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What to Look Out for – August 2021

By August 9, 2021Wildlife
Yellow star-shaped flowers low in the grass, seen from above.

It’s August, the hay is gone, the volunteers are taking a break so what is happening on the meadow?

Well, there are a lot of pink and purple flowers going on. Some are hard to miss and some will take a more careful look. Some are in this gallery, but there are plenty more!

There are lots of chirruping insects about, mostly in the long grass and other plants on banks and around hedges. The differences can be a bit complicated, but the basics are: very long antennae = bush cricket, short antennae = grasshopper.

There are lots of butterflies around. Lots of them are gatekeepers, who like to behave as their name describes and hang around at the gaps in hedges, often in big groups. Only a very few of them are small coppers, but the very bright orange of their upper-wings will help you catch sight of them. And if you’re very good at butterfly spotting, and also very lucky, you might spot a brown hairstreak. The one pictured was taken this August at Silk Mills and was pointed out, otherwise I never would have spotted it at the top of the tree.

It is aphid season again at the willow cathedral and they do seem to be having a bumper year. You’ll need to look up to the younger branches, but it shouldn’t take long to find a clump of dark grey blobs of various sizes. The photo of one of the clumps actually has two kinds of aphid in it, the giant willow aphid and just two black willow bark aphids. These ones are darker, but with bright orange points on their back, and no shark fin!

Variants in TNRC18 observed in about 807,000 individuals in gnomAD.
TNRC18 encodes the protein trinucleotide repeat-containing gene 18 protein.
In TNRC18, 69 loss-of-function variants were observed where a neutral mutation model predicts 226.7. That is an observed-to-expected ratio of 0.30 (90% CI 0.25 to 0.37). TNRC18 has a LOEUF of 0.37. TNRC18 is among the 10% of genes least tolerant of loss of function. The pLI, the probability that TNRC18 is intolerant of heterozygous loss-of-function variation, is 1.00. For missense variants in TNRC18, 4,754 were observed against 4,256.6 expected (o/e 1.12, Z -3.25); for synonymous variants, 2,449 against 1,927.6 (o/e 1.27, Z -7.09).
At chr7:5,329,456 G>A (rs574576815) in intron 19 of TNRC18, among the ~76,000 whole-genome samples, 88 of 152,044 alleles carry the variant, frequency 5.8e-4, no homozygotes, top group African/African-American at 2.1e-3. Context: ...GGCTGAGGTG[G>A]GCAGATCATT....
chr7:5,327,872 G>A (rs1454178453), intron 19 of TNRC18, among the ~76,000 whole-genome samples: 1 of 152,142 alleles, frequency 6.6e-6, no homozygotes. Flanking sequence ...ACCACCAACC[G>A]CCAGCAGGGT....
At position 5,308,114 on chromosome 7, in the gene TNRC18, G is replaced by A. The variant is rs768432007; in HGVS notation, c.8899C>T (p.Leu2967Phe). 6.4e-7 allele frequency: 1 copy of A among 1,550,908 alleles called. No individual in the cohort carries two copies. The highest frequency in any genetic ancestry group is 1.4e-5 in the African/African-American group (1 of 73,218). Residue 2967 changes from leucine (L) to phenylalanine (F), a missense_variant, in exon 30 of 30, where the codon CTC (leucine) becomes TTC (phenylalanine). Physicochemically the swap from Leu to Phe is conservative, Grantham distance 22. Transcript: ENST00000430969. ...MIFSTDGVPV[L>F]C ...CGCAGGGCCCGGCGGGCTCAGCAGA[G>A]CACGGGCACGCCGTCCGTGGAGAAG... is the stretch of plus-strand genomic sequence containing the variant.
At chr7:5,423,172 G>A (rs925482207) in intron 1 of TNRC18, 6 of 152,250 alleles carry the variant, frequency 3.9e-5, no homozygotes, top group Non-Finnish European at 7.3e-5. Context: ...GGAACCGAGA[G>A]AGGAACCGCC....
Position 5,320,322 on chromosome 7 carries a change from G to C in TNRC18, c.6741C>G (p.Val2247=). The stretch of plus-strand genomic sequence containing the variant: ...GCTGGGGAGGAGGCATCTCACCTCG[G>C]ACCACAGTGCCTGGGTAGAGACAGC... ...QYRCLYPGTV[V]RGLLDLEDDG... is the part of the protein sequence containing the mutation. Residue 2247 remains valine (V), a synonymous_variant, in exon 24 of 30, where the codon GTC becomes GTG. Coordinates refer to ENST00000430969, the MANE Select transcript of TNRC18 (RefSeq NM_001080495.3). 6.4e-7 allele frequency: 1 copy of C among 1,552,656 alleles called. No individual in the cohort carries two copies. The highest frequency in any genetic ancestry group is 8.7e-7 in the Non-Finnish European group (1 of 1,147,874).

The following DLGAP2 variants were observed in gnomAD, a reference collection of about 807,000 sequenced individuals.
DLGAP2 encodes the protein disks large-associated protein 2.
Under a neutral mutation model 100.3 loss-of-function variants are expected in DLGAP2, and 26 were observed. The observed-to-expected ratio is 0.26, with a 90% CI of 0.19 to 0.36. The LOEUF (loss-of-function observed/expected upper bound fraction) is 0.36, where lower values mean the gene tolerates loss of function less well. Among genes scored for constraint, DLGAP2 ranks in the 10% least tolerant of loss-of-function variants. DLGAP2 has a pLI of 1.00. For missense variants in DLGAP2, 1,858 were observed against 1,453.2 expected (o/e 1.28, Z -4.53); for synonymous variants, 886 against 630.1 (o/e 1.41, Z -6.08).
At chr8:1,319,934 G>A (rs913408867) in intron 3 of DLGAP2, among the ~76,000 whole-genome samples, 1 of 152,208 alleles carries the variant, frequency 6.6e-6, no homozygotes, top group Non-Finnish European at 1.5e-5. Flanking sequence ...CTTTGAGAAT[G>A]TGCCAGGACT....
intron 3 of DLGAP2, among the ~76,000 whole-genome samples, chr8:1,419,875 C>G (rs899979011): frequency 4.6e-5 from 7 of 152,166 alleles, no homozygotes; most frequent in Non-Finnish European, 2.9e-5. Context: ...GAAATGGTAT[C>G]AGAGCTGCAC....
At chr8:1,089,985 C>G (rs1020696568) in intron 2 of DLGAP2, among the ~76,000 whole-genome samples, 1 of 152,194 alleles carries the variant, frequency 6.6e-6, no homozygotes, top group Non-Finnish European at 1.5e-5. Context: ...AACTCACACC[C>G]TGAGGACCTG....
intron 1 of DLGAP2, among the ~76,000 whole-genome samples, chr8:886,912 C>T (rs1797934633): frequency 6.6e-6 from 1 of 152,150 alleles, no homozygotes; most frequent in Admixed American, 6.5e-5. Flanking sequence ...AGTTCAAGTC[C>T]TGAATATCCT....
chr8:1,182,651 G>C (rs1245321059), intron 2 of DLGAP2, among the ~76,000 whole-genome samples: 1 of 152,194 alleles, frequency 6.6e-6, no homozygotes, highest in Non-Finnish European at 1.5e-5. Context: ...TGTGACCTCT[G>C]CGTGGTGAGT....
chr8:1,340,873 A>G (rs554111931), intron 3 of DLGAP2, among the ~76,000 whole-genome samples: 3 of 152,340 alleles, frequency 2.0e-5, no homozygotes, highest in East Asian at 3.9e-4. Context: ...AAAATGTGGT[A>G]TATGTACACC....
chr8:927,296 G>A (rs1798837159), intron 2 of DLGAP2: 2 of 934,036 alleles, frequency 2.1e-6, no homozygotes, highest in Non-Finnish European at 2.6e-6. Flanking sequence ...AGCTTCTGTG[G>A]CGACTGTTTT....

From small things and things high up in trees, we’ll go on to mimics: things pretending to be other things. Here are two flies and a sawfly, trying to convince everyone that they are a hornet, a bumblebee and a wasp. Apart from the hornet mimic, which is one of the largest hoverflies in the UK, I can’t be very sure about the IDs, but I’ve had a go!

If you’ve seen all those, have ten points and a bonus challenge: find something you’ve never seen before. If you manage this one, let us know! You can share any sightings with us on Facebook, Instagram or twitter.

The volunteers will be getting back to work in September, planning the hedgelaying for the autumn and winter and another project TBA.

Happy spotting!